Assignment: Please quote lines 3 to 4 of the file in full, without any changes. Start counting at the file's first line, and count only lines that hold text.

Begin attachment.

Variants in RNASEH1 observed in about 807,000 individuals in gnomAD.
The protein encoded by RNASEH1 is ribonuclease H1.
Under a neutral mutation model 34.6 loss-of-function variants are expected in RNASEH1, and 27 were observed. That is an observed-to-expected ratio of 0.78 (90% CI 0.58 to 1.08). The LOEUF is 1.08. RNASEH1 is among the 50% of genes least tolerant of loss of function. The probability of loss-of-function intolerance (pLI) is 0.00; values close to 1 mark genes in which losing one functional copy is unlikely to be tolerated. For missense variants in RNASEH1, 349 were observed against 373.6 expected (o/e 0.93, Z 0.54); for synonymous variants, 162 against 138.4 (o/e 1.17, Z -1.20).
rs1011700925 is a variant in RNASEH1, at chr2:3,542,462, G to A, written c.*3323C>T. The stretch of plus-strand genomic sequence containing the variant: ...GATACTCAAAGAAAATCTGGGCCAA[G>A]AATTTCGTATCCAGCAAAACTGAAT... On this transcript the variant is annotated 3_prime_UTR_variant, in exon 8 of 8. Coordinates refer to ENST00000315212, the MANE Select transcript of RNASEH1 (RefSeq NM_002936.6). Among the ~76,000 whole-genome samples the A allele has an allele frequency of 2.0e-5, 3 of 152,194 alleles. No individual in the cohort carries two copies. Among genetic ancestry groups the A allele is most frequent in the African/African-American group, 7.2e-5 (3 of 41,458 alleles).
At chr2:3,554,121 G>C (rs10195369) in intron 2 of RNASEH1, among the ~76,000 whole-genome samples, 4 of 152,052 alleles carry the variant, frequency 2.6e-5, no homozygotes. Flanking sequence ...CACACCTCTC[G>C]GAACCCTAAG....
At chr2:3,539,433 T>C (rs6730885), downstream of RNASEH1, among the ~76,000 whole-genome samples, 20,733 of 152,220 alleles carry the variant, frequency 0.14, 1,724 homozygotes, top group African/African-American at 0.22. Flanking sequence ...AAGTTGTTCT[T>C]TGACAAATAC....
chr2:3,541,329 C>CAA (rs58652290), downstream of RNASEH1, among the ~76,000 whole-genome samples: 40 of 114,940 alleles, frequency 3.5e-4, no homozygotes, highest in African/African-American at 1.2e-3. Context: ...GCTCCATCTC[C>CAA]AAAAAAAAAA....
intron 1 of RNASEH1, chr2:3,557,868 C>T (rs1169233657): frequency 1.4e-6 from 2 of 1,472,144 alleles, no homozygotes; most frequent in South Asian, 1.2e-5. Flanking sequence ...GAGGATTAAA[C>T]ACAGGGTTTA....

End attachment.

Under a neutral mutation model 34.6 loss-of-function variants are expected in RNASEH1, and 27 were observed. That is an observed-to-expected ratio of 0.78 (90% CI 0.58 to 1.08). The LOEUF is 1.08. RNASEH1 is among the 50% of genes least tolerant of loss of function. The probability of loss-of-function intolerance (pLI) is 0.00; values close to 1 mark genes in which losing one functional copy is unlikely to be tolerated. For missense variants in RNASEH1, 349 were observed against 373.6 expected (o/e 0.93, Z 0.54); for synonymous variants, 162 against 138.4 (o/e 1.17, Z -1.20).
rs1011700925 is a variant in RNASEH1, at chr2:3,542,462, G to A, written c.*3323C>T. The stretch of plus-strand genomic sequence containing the variant: ...GATACTCAAAGAAAATCTGGGCCAA[G>A]AATTTCGTATCCAGCAAAACTGAAT... On this transcript the variant is annotated 3_prime_UTR_variant, in exon 8 of 8. Coordinates refer to ENST00000315212, the MANE Select transcript of RNASEH1 (RefSeq NM_002936.6). Among the ~76,000 whole-genome samples the A allele has an allele frequency of 2.0e-5, 3 of 152,194 alleles. No individual in the cohort carries two copies. Among genetic ancestry groups the A allele is most frequent in the African/African-American group, 7.2e-5 (3 of 41,458 alleles).